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Thursday, October 18 • 2:30pm - 3:15pm
Open Educational Resources and Practices as a Driver for Change in Art College Education

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This session will describe the work ((http://alto.arts.ac.uk/) of the Centre for Learning and Teaching in Art and Design (CLTAD) at the University of the Arts London that has been helping teaching professionals engage with Open Educational Resources and Practices (OER/P). Our experience indicates that these activities are potentially powerful tools to support those who are interested in promoting, understanding and managing change in an educational system. As UK higher education enters a prolonged period of austerity and a rapidly changing student demographic, the question of what and how to change is becoming more pressing. Increasingly, colleges are considering offering new flexible learning opportunities as means to retain and extend their student markets. This in turn raises questions about the institutional changes needed to support such activities and the individual pedagogic skills required to develop new programmes of learning and modes of teaching.

We have found that OER/P acts as an excellent ‘lightening conductor’ to identify underlying pedagogic conceptions and practices. As John Biggs, Paul Ramsden and others have observed everyone has an implicit model of learning and teaching. Making these mental models explicit using OER/P is an important step in developing the skills and infrastructures needed to operate effectively in these new educational markets. This helps to move engagement with OER/P from the edges of institutional agendas to the centre of strategic planning. We outline the main strategic dimensions in which change needs to occur in art college education, concentrating on the, very personal, area of pedagogic design and practice.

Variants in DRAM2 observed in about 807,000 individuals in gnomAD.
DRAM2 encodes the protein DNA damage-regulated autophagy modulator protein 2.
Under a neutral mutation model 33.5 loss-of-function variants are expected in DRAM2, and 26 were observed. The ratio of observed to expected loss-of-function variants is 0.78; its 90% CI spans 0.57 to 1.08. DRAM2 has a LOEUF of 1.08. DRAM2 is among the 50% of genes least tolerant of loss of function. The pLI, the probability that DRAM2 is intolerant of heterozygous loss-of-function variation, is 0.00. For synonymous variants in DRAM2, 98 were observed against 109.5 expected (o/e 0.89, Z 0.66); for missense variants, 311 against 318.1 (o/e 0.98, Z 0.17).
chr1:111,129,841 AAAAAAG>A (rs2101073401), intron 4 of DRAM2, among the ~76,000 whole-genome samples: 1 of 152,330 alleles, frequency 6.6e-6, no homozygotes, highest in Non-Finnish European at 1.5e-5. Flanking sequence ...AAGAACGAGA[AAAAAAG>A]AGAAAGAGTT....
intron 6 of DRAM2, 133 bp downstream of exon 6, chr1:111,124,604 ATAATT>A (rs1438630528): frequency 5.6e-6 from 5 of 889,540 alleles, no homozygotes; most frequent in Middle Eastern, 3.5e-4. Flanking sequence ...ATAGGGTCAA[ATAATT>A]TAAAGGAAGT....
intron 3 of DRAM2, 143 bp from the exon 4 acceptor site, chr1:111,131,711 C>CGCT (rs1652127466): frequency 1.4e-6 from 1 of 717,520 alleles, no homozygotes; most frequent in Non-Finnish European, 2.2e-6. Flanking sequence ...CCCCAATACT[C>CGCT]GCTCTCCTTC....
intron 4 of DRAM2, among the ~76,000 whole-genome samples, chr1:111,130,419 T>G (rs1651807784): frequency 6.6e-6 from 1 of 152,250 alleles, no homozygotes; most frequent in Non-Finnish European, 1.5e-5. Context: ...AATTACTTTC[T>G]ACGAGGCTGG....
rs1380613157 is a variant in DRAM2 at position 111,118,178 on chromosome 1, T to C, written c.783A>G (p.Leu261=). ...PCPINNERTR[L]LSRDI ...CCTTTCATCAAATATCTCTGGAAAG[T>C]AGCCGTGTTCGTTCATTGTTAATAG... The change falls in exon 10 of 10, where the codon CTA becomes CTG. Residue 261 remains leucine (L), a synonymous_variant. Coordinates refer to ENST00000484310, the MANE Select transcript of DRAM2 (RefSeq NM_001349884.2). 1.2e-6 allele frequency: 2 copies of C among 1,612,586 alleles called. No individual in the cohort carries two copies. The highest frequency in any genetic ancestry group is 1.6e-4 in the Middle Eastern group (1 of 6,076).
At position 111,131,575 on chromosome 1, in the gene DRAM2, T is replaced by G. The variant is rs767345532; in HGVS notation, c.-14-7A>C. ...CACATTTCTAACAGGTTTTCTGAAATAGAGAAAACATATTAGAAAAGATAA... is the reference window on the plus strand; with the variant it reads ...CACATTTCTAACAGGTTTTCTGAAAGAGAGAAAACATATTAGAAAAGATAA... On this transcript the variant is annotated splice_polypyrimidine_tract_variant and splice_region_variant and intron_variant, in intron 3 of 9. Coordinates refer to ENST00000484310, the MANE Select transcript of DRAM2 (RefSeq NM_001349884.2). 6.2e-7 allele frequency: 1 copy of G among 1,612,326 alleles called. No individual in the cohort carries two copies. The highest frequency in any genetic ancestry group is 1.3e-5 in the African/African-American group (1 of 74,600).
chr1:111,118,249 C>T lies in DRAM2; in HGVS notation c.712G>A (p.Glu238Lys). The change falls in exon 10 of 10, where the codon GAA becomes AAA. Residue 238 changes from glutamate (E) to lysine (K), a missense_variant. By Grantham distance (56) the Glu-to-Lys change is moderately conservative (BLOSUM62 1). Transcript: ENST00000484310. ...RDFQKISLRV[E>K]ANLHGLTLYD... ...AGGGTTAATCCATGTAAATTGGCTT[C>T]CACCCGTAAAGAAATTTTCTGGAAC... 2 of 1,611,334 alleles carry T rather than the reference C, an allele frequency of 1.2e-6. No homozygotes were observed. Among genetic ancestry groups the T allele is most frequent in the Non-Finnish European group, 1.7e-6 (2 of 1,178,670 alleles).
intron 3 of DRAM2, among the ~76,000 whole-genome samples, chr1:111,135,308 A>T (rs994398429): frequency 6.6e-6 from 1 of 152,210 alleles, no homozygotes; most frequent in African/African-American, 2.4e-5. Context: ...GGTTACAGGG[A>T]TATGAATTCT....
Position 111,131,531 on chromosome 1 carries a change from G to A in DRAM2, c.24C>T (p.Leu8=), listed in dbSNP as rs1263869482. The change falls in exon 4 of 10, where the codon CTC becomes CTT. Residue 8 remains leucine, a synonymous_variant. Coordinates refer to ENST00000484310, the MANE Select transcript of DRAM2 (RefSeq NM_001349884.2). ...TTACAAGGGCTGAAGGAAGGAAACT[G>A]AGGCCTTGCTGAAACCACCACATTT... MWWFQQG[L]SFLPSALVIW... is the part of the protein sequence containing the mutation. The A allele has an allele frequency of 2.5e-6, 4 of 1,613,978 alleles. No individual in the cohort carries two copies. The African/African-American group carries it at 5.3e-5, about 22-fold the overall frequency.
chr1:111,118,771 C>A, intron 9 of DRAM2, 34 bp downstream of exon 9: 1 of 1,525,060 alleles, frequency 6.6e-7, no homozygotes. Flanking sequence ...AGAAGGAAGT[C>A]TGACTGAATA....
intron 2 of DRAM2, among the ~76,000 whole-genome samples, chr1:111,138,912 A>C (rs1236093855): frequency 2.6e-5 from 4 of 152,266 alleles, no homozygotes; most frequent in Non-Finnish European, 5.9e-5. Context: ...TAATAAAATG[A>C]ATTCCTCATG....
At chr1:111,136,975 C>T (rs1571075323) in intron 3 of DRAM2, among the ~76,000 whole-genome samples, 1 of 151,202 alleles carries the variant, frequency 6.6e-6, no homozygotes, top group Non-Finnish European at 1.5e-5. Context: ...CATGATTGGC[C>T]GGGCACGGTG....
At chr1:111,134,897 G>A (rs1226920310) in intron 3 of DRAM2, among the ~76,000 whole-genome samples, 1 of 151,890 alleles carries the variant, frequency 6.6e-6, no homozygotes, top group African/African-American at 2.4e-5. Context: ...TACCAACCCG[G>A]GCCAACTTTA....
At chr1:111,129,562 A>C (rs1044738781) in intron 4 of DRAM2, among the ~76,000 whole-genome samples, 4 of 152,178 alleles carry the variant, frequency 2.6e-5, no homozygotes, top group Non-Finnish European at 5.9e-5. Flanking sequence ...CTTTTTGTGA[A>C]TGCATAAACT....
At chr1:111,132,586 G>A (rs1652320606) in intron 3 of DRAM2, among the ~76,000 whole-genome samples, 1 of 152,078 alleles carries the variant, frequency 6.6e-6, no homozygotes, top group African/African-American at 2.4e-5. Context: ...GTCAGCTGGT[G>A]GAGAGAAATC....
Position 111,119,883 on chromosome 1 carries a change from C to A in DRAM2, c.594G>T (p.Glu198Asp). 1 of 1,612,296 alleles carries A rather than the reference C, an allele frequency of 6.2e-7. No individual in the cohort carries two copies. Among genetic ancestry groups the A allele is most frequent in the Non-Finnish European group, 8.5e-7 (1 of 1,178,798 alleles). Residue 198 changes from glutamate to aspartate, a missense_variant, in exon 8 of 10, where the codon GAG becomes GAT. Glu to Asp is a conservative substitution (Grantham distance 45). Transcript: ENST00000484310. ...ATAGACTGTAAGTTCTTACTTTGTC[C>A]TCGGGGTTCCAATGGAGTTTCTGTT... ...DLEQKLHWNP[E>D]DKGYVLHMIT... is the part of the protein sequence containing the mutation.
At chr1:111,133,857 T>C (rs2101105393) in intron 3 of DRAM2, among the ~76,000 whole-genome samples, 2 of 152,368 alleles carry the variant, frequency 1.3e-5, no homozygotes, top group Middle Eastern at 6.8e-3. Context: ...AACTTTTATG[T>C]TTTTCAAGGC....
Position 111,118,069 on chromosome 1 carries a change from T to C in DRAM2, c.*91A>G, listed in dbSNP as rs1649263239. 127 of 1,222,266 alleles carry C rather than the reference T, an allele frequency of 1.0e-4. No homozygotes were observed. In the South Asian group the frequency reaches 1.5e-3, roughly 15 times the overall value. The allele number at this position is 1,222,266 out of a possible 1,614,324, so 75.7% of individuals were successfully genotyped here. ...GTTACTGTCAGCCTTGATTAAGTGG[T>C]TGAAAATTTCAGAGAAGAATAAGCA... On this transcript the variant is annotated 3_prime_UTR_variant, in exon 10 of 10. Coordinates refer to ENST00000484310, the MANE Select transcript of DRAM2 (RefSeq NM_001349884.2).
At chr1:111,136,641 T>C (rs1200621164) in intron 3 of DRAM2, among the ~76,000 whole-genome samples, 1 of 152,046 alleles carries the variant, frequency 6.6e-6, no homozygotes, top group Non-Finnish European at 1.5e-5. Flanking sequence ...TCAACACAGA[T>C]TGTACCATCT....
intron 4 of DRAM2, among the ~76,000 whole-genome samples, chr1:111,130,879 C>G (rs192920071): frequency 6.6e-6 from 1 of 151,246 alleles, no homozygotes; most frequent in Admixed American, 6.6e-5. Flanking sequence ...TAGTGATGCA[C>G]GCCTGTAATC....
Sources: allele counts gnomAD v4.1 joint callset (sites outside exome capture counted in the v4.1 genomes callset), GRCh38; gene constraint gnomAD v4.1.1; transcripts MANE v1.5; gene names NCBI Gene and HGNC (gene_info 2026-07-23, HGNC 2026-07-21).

Pedagogic methods in art education place an emphasis on dialogue, mentoring, apprenticeship and a learning community approach to personal development and support. This is a potentially strong foundation to support open innovation. However, as in much of the rest of higher education, one of the main obstacles to moving teaching practice towards a more open model is the highly situated nature of institutional teaching; the ‘pedagogy of the studio and workshop’. Such teaching activities are strongly embedded in an institutional context, almost in the 'bricks and mortar' of the institution. Not surprisingly, in this environment teachers can find it difficult to conceptualise and abstract their own pedagogic practice.

The critical nature of the design processes that are required to effectively implement flexible learning make the acquisition of collaborative pedagogic design skills a key area to address. In this connection, there is much to be learnt from those fields of professional activity where design is recognised as a fundamental component.

This session will provide an overview of some of our activities in supporting teachers engage with OER/P together with their reflections on the experience, paying particular attention to the affective, administrative, and cognitive factors involved. The session will end with time for participants to consider and debate the implications of the support teachers may need to engage in these new design practices.


Speakers
avatar for john casey

john casey

Open Education Project Manager, University of the Arts London
Managing Open Ed Projects at the UAL. Interested in how Open Ed can drive change in 'closed' education. Also very interested in the design skills needed for Open Ed as a bridge to introducing more flexible learning in traditional education,
avatar for Nancy K Turner (University of Saskatchewan)

Nancy K Turner (University of Saskatchewan)

Director, Gwenna Moss Centre for Teaching Effectiveness, University of Saskatchewan


Thursday October 18, 2012 2:30pm - 3:15pm
C485

Attendees (8)